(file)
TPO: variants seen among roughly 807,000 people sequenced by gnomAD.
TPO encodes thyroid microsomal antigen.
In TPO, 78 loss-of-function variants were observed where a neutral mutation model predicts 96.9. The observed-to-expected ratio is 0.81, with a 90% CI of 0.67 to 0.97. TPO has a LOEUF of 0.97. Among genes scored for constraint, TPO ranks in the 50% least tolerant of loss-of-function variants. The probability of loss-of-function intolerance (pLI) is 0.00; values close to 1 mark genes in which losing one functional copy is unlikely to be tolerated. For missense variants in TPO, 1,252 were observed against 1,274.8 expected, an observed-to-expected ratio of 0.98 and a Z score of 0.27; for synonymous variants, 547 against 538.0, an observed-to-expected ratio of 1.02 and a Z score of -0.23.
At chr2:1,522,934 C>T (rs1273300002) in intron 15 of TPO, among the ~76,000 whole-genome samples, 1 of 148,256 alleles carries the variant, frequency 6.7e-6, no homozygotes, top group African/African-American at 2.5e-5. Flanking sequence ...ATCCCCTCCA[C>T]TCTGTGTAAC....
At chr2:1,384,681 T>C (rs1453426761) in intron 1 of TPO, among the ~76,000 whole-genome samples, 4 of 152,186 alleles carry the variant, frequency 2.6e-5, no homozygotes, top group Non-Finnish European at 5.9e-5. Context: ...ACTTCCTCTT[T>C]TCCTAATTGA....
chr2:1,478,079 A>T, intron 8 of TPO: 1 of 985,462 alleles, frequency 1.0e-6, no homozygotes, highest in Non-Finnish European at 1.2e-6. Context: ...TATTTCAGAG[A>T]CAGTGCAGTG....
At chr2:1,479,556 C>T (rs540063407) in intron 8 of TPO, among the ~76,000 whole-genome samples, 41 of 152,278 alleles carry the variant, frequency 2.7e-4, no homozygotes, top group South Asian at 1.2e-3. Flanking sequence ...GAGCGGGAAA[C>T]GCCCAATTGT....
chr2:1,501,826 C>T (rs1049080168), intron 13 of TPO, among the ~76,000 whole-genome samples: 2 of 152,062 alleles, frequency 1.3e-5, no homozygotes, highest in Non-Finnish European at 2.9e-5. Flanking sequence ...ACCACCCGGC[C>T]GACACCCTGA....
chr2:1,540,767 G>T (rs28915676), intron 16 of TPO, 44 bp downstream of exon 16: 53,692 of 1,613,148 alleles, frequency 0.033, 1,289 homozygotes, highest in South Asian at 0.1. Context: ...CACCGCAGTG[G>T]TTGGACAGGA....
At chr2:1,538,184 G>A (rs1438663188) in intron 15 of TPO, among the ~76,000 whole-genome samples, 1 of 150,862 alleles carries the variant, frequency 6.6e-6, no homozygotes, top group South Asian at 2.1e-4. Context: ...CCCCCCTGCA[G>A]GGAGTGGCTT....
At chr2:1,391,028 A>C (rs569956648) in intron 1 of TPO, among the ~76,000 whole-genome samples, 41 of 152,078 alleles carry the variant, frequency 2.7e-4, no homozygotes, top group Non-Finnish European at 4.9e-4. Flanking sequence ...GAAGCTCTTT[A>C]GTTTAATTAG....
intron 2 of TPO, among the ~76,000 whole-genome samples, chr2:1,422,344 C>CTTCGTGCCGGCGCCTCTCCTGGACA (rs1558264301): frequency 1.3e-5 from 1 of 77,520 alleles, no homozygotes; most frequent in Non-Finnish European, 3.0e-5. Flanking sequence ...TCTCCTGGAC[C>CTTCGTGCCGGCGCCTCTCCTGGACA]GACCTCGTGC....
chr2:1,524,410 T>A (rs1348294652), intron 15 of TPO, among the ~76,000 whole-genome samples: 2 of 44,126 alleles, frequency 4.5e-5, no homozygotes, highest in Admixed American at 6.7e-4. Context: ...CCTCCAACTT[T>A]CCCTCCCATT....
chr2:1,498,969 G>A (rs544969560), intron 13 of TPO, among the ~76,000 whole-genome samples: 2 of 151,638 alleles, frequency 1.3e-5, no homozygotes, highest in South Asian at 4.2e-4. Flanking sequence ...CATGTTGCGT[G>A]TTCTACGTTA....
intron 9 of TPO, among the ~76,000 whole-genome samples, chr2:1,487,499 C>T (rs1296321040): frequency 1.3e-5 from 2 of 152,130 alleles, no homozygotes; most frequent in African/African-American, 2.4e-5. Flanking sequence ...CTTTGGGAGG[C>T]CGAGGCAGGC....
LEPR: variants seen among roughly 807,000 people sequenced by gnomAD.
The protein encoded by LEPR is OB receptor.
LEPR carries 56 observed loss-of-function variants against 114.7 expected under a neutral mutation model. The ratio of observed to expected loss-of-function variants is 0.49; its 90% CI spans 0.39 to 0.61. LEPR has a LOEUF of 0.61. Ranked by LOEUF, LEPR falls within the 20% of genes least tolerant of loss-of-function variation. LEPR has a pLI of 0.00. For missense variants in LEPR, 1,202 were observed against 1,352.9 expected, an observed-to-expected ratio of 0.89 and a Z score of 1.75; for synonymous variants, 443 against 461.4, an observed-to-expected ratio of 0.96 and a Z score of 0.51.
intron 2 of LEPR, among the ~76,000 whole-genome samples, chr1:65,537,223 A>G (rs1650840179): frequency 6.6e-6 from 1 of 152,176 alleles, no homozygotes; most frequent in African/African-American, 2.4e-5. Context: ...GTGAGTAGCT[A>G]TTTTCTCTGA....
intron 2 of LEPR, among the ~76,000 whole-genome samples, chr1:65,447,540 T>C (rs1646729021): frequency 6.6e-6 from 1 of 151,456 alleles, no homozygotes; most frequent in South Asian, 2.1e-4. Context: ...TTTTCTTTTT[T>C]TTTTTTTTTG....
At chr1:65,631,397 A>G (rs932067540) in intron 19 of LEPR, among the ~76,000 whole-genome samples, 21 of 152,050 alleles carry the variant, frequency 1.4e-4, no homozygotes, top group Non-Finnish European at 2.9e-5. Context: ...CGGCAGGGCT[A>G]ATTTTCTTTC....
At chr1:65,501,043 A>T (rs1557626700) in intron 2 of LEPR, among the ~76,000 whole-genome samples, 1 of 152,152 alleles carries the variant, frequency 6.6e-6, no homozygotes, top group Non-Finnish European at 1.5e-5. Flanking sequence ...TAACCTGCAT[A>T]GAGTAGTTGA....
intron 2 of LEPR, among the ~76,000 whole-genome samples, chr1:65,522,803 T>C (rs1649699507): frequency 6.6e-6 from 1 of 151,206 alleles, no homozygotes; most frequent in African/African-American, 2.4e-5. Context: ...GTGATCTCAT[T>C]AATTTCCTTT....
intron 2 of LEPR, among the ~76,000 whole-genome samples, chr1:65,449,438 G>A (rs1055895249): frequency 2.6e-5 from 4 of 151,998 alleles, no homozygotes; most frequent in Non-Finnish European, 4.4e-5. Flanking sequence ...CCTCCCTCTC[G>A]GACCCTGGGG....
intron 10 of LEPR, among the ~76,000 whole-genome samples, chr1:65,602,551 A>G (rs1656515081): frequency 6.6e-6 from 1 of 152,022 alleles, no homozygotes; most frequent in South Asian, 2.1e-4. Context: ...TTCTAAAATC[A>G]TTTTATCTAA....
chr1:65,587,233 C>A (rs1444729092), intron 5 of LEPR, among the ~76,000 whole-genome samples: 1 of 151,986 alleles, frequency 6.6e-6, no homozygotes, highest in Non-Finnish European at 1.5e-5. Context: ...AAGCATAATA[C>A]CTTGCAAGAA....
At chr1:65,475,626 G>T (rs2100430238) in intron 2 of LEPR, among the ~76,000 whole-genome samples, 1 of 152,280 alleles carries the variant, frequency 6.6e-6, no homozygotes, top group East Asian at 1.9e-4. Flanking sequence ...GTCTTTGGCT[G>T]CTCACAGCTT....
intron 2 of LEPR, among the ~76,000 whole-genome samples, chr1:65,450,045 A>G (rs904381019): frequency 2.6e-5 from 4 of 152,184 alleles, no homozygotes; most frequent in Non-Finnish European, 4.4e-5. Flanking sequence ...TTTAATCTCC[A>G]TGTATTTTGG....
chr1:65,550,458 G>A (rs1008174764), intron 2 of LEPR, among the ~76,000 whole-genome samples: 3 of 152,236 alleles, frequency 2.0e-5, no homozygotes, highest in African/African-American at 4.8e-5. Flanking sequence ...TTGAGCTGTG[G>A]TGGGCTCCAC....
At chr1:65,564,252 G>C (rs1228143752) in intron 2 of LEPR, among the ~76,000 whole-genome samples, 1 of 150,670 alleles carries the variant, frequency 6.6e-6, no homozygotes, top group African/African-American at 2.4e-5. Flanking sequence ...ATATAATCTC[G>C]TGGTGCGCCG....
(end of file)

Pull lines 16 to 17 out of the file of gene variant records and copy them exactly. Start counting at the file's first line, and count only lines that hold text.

LEPR: variants seen among roughly 807,000 people sequenced by gnomAD.
The protein encoded by LEPR is OB receptor.